The Egyptian government is facing an increasingly difficult set of economic circumstances that could raise inflationary pressures and lead to further social unrest, says a report by Standard & Poor’s Ratings Services. Titled “Reliance On Central Bank Finance Could Raise Inflationary Pressures In Egypt,” the report points out that since the popular uprising of 2011, economic growth in the country has been weak and the Central Bank of Egypt (CBE) has seen a sharp drop in its foreign exchange reserves.
Domestic banks continue to be the main investor in government securities, but the government is increasingly resorting to greater financing from the CBE.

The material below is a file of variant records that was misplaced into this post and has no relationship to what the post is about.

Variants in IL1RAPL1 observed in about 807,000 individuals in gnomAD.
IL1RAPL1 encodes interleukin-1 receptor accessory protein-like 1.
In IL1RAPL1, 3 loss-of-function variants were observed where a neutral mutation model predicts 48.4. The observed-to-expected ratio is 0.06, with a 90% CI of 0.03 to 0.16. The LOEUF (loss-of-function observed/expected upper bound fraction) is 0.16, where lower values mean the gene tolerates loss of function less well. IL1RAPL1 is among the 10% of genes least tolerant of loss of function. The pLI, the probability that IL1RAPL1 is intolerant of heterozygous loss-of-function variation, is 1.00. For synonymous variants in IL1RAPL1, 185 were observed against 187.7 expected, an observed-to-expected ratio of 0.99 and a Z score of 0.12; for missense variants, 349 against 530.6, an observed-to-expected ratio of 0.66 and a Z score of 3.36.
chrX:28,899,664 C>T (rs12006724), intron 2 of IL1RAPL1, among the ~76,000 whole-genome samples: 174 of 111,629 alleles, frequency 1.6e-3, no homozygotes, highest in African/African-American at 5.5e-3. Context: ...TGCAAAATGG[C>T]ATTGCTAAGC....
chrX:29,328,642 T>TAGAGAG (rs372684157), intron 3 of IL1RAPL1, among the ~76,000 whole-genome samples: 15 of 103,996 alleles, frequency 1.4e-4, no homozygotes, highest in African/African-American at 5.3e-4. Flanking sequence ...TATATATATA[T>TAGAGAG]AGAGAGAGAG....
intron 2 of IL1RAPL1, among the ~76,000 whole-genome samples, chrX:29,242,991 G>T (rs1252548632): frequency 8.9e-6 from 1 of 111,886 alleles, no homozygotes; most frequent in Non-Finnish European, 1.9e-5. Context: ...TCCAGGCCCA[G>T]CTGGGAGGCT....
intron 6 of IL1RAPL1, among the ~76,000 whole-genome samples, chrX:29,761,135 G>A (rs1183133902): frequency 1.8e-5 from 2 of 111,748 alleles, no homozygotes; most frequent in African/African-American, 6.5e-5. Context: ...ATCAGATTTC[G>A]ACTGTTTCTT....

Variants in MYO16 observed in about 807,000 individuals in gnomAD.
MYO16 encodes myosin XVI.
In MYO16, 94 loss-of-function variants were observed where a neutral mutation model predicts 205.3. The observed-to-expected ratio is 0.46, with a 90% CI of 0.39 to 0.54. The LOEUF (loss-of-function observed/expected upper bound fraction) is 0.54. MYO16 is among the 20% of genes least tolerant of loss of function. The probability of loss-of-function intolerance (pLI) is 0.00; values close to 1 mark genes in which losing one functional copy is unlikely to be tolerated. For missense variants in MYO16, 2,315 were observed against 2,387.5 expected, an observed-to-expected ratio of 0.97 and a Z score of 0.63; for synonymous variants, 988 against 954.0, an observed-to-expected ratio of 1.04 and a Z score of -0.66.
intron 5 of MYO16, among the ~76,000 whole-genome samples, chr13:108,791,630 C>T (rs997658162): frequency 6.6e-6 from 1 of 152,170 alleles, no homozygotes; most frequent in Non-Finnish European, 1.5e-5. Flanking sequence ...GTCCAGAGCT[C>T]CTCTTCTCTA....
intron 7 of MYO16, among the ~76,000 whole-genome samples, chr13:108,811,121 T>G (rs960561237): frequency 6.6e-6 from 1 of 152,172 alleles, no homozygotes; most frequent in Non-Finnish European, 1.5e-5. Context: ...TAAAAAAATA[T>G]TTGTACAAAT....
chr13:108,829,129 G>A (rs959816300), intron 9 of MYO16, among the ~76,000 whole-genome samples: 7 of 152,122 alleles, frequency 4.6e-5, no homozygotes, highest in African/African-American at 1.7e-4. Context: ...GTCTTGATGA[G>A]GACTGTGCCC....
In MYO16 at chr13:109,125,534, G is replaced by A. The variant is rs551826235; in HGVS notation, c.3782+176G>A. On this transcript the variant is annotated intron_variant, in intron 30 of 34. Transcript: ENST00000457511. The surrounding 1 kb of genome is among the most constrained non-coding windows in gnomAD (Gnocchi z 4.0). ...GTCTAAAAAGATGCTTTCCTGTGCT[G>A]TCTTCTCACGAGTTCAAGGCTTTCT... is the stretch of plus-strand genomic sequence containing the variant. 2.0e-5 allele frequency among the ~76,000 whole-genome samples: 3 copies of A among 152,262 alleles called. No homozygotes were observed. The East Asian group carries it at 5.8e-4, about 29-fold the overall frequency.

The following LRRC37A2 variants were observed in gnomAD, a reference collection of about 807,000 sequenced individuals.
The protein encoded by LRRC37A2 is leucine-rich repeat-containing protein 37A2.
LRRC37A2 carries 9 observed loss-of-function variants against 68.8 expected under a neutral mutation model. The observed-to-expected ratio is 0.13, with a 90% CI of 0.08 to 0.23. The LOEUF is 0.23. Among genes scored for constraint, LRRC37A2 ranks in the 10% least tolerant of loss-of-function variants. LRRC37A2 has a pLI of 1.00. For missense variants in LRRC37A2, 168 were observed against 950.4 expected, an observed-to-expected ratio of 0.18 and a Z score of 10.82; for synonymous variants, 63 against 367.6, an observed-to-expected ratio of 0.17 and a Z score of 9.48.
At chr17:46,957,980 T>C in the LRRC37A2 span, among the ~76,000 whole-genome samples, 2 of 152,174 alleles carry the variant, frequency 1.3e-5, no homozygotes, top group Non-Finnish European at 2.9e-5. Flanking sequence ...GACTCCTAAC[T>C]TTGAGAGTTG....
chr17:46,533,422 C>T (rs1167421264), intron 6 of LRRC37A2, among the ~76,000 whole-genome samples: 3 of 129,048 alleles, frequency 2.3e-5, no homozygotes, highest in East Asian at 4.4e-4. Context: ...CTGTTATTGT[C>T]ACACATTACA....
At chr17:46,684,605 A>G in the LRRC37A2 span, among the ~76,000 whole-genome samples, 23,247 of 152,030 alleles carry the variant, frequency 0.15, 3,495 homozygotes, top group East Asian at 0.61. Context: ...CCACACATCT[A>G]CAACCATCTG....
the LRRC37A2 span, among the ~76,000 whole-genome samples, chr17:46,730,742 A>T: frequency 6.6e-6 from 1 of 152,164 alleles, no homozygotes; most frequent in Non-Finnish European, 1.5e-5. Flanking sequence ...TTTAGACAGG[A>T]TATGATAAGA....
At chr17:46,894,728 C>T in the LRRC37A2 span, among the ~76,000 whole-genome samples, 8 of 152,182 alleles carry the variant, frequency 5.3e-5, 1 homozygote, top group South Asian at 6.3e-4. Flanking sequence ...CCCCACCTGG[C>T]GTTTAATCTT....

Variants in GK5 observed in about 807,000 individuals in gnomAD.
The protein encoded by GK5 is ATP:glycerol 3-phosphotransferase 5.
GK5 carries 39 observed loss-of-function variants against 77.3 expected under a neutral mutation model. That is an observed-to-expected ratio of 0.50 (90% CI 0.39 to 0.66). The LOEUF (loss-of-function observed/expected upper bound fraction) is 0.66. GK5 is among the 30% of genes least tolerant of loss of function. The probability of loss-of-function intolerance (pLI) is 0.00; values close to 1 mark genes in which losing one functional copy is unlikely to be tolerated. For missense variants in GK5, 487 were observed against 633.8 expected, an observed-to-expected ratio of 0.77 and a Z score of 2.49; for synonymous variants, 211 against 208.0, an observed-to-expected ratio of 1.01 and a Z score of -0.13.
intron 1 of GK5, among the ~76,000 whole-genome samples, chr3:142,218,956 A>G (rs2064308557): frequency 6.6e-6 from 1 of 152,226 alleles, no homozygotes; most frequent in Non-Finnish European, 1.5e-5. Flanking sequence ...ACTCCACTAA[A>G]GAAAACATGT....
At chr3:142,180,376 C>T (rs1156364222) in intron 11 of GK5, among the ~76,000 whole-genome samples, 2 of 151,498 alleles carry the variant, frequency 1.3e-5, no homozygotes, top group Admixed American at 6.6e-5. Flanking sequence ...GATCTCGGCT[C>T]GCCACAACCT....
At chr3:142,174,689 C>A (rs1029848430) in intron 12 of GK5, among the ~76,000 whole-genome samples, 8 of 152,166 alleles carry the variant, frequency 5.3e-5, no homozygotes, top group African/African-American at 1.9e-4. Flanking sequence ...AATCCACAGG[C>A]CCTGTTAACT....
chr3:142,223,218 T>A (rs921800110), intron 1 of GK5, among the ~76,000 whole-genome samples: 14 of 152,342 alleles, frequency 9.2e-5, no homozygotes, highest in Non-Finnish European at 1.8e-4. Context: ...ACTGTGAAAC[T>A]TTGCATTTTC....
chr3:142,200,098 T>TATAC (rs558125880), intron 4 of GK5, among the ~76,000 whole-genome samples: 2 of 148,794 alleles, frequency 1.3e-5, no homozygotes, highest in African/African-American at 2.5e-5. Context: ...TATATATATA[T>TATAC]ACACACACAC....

“We believe that the depreciating exchange rate, together with increasing central bank financing of the government, is likely to lift inflation in Egypt above already relatively high levels,” said Standard & Poor’s credit analyst Trevor Cullinan. “In our view, strong inflation growth through an erosion of real incomes would reduce the already low standard of living for the majority of the population. It is also likely to add to the existing high levels of political discontent. This may further reduce the government’s willingness to
implement measures to alleviate fiscal and external pressures, putting downward pressure on our sovereign ratings on Egypt.”